Back to School Posture

The Importance of Posture

By Dr. Tara Guthrie

As children and teens once again prepare to go back to school, the importance of good posture once again comes into play.

Most children begin developing bad postural habits early in their years, when they get their first X-box Nintendo game for Christmas: They play for hours on end while sitting slouched on the floor, furiously banging on a small keypad. This bad posture gets worse while in school: 7 hours a day sitting slouched in a chair at school, only to come home and once again slouch over that Nintendo machine until the wee hours of the night!

Bad posture can come in many forms:

  • Slouching in a chair, either at school or on a couch and at the dinner table  at home.
  • Carrying a  bookbag only on one shoulder
  • Teenagers who get tall, or undergo puberty earlier than most kids will have a tendency to slouch to make themselves look shorter, or to minimize breast development.

It is important to try to get your children to improve their posture at an early age. They will less likely to develop the myriad of back problems that plague people in adulthood.

Here are some things to try:

  1. At the dinner table, always correct their posture if they are slouching.
  2. Try to keep good posture yourself: They will be far more likely to develop your good habits if you have no bad habits.
  3. Always buy backpacks that can be worn on both shoulders, and encourage them to wear it on both shoulders as often as they can.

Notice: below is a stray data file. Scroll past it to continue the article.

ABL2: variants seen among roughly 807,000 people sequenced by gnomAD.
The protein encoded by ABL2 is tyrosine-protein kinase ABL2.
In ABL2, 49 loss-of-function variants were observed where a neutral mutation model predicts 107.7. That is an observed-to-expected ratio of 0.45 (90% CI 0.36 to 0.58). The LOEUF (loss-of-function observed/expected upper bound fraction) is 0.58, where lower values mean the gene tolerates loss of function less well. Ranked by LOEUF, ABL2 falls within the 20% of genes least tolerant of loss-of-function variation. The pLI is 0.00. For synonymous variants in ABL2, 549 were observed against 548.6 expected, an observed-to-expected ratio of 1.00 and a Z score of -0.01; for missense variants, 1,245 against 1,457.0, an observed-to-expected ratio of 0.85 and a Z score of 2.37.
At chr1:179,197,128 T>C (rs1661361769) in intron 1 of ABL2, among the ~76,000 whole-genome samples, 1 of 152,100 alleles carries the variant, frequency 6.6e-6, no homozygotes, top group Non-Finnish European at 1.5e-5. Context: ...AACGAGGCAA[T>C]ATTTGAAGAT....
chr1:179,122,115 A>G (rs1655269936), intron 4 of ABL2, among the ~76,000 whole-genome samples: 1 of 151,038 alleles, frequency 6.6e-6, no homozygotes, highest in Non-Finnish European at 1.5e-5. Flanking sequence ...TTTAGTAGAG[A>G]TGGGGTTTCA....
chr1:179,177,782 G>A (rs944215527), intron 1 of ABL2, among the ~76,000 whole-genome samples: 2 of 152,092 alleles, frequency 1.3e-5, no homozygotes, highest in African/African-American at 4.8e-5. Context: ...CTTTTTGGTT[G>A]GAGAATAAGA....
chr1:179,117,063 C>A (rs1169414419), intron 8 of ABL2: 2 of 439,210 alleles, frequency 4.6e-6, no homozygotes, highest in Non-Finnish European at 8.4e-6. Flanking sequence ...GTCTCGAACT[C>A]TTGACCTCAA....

4. Compliment them if they look like they are trying to keep good posture.
  5. Don’t let them read or do homework while lying down on a bed or the floor- it is very stressful on the back.

Bad posture is much easier to correct in the early years. When one has been slouching for 20 years, it is incredibly difficult for people to kick the “Bad Posture” habit!

People who have had good posture from the teenage years experience greater confidence and charisma than those with poor posture.

Try this out: tighten your lower abs, arch your back a bit, bring your shoulders  back and down, and raise your head. This is the posture adopted by most humans and animals when they are trying to exude an authoritative, confident stance. As the saying goes:  “walk the walk”. Encouraging your children to maintain good postural habits will benefit them both physically and mentally in the years to come.